By Jack Figg
FLOYD MAYWEATHER wants to build a casino empire in Japan – and could launch it by hosting a money-spinning rematch against Manny Pacquiao in the Far East.
That would be a huge fight but Mayweatheris also keen on more exhibition bouts against non-boxers, having faced UFC megastar Conor McGregor and Japanese martial artist Tenshin Nasukawa.
The 42-year-old launched TMT Japan (The Money Team) in Tokyo this June, after announcing a partnership between management company Libera and Kyoei boxing gym.
And Hong Kong based promoter Jay Lau said Mayweather, who was a favourite with Nevada casino chiefs throughout his career, is looking to cash in on the new bookies landing in Japan next year.
Lau told SunSport in Tokyo: “In Asia more and more casinos are setting up.
“Mayweather came to Tokyo to set up TMT Japan because of the Japan casinos that open in the next year.
“There are casinos opening in Cambodia, Singapore and China as well. It means boxing will get more and more popular.
“The Manny rematch is the biggest thing that can happen.
“I hope it does happen, it could be a big possibility that fight is the grand opening for the Japan casinos.”
Mayweather’s ambition is to create a casino hotel in Okinawa, allowing him to stage fights in Japan, and revealed at a press conference in June his plan for more money-spinning exhibitions.
He said: “Negotiations are progressing, although it is not yet official, my opponent could be a kickboxer or an MMA fighter.
“It’s natural that I come up with this idea, because I’m buying a house in Tokyo so I don’t have to repeat the long trips between the United States and Japan.”
It comes after the Japanese government announced in February they are attempting to compete with regional rivals including Macau, Singapore and South Korea with planned casinos to be built in 2020.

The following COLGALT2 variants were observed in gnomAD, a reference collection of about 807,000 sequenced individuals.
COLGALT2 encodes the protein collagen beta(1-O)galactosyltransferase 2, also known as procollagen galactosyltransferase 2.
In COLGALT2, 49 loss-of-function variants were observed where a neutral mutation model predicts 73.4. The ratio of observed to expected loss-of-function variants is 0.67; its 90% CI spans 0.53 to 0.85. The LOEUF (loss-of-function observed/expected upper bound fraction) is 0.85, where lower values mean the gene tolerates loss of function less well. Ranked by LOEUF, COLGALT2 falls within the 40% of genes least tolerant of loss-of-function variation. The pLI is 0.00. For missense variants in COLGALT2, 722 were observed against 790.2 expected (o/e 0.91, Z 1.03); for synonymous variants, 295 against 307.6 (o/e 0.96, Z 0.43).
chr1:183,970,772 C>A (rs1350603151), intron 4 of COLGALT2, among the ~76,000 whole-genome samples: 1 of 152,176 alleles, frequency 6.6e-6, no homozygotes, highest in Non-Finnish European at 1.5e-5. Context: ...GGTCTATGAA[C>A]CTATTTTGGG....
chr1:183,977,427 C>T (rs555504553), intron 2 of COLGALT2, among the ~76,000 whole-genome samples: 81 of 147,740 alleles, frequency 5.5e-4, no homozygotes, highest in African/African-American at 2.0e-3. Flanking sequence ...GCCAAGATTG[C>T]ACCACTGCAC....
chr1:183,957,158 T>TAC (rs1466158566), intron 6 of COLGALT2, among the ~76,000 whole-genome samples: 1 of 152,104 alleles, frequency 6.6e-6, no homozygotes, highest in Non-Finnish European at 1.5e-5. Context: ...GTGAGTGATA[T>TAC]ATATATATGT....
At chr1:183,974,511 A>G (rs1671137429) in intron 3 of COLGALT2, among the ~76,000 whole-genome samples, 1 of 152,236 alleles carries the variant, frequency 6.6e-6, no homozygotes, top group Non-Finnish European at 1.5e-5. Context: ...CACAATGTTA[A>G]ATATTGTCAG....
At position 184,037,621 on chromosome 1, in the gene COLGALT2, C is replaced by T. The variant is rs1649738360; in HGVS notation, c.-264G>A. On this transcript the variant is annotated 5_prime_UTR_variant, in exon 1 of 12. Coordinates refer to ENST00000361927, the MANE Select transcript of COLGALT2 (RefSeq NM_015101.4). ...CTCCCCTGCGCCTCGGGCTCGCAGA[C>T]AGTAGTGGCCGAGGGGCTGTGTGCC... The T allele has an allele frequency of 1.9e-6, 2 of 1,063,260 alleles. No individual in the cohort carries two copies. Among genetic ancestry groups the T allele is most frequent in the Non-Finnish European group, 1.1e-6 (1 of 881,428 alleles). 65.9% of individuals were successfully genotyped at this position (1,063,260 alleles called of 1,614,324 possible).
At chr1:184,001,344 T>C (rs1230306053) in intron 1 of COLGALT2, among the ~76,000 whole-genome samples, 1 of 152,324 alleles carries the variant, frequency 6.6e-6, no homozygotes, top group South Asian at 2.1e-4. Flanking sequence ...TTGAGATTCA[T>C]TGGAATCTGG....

SunSport revealed Mayweather put the brakes on an exhibition bout this year to focus on negotiating a rematch against Pacquiao.
DEF Promotions director and promoter Lau said: “Mayweather came two times to Hong Kong, he spoke with my son Jayson and we had communications but now he is focussing the Pacquiao rematch.
“We were talking about an exhibition in China, a big event but not a recorded professional boxing fight. Something like Mayweather vs Tenshin in Japan.
“We spoke a bit about doing a special fight in China, but half way through he turned to the Pacquiao rematch so we stopped.”
Mayweather continued his tour of Asia this summer, and announced on Instagram plans on setting up a second fight with Pacquiao in Tokyo.
We revealed Japanese MMA promotion RIZIN – who staged the Nasukawa bout – would be blocked by the Japanese Boxing Committee from putting on the high-profile rematch.
Promoter Nobuyuki Sakakibara told SunSport he is open to working alongside Mayweather again.
But the opponent would again have to be another kickboxer or MMA fighter, to work around the JBC’s rulings.
Sakakibara told us: “Whenever Mayweather fights he’ll need an opponent.
“And in terms of the fighters we have for opponents we don’t feel we have the fighter that fits the bill as Mayweather’s opponent, at the moment.
“If someone comes up and we think they’ll fit the bill to be Mayweather’s opponent it’s definitely something we would be interested in.”
After setting up TMT Tokyo, Mayweather switched his attention to boxing in China in September, with Asian hotel chain Mission Hills investing in the event.
Mission Hills own golf clubs, hotels and resorts fronted by Hong Kong businessman Ken Chu, but Mayweather “cancelled” the fight.
A spokesman told South China Morning Post in September: “The event is postponed, due to his side having some problems. He didn’t come. His side will issue a notice later.”
He said: “It had a great impact. We had 30,000 people in the arena, our biggest ever attendance, and his fight was shown on terrestrial TV in Japan and when Mayweather fought our ratings were No1 out of all the networks.
“At the end of the day Mayweather wanted to do it and it was his first time fighting outside of the US and we both wanted to do it and came to an agreement.”
Article courtesy of The Sun